Printing at 0.3% month-on-month (vs 0.2%, expected), to yield an annualised reading of 3.1% (vs 2.9%, expected), hopes were dashed that headline inflation would dip below 3% for the first time since early 2021. Core inflation (stripping out volatile food and energy prices) climbed 0.4% MoM (vs 0.3%, expected) to maintain a year-on-year reading of 3.9%.

Over the past four months, annualised core CPI has printed at 4%, 4%, 3.9%, and 3.9%.

Central bank officials, in recent months, have referred to the last mile, in their ongoing battle against inflation - the challenges that may present in sustaining disinflationary forces to return inflation to targeted levels, late in the cycle. 

They are wary of past battles, notably in the late 70's and 80's when central banks were too hasty to end monetary tightening cycles, presuming the job had been done, only to see a second inflationary wave materialise.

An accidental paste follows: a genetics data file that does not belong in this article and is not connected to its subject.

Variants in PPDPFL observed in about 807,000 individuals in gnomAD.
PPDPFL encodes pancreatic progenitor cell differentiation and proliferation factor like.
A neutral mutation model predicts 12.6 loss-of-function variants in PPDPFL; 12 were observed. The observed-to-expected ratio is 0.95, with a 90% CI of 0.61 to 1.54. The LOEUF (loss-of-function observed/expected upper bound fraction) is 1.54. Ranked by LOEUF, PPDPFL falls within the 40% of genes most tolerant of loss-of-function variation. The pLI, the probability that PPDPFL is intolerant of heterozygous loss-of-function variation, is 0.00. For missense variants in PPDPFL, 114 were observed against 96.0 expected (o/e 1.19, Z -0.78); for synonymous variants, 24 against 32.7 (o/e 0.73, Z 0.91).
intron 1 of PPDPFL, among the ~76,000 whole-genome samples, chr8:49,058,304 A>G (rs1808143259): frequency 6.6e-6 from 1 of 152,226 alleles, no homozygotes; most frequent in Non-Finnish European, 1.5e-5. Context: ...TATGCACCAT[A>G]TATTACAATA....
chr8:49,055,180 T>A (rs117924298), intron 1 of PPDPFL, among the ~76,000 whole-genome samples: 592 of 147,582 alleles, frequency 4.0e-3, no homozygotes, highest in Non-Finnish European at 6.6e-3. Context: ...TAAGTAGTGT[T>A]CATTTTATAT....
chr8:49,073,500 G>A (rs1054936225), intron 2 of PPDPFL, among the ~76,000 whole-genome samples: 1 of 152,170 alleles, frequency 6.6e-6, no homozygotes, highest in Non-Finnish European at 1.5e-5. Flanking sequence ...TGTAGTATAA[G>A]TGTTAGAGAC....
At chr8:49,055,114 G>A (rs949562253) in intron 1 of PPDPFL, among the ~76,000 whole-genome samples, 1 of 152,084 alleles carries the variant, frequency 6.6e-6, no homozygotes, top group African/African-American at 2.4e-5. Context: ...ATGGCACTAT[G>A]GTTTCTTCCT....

January's CPI report is at odds with the Fed's preferred inflation gauge, the core PCE deflator which has been trending lower at a noteworthy rate over the past 6 months.

Why the divergence?

The CPI calculations assigns a significantly greater weight (relative to PCE) to owner's equivalent rent (OER) - a measure of the amount of rent that would have to be paid in order to substitute a currently owned house as a rental property.

OER climbed by 0.6% in January, its quickest rate of increase in several months. Given it has the highest weighting in the CPI basket, an OER resurgence is of huge concern for the Fed. 

The bottom line: the Fed will most certainly not be cutting the Fed funds target rate on 20 March, and unless the macro data flow deteriorates over the next couple of months, is unlikely to do so at the 01 May FOMC meeting. The Fed will receive two more CPI reports (12 MAR. & 10 APR.) ahead of May's decision.

The main takeaway from this CPI report regarding the currency market - don't expect the dollar's fortunes to change through the remainder of 1Q……in turn, the New Zealand dollar's bias will continue to lean neutral to negative.

In other news from Tuesday, a busy week of UK data has commenced with December's labour market report.